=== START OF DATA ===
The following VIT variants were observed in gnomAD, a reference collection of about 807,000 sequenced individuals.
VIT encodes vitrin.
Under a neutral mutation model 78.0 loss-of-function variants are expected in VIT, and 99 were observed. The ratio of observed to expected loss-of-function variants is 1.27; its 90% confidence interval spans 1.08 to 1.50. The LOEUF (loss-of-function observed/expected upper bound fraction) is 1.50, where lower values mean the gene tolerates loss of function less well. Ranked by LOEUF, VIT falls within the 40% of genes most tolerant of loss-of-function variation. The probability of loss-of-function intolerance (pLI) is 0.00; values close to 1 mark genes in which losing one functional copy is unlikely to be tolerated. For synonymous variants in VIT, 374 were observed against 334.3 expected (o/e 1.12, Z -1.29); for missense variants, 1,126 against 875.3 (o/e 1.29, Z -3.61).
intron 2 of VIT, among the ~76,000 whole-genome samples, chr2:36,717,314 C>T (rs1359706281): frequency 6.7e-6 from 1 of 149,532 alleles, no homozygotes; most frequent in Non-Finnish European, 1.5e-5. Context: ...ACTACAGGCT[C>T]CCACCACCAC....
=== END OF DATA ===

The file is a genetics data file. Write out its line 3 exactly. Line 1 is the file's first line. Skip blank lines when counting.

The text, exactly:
Under a neutral mutation model 78.0 loss-of-function variants are expected in VIT, and 99 were observed. The ratio of observed to expected loss-of-function variants is 1.27; its 90% confidence interval spans 1.08 to 1.50. The LOEUF (loss-of-function observed/expected upper bound fraction) is 1.50, where lower values mean the gene tolerates loss of function less well. Ranked by LOEUF, VIT falls within the 40% of genes most tolerant of loss-of-function variation. The probability of loss-of-function intolerance (pLI) is 0.00; values close to 1 mark genes in which losing one functional copy is unlikely to be tolerated. For synonymous variants in VIT, 374 were observed against 334.3 expected (o/e 1.12, Z -1.29); for missense variants, 1,126 against 875.3 (o/e 1.29, Z -3.61).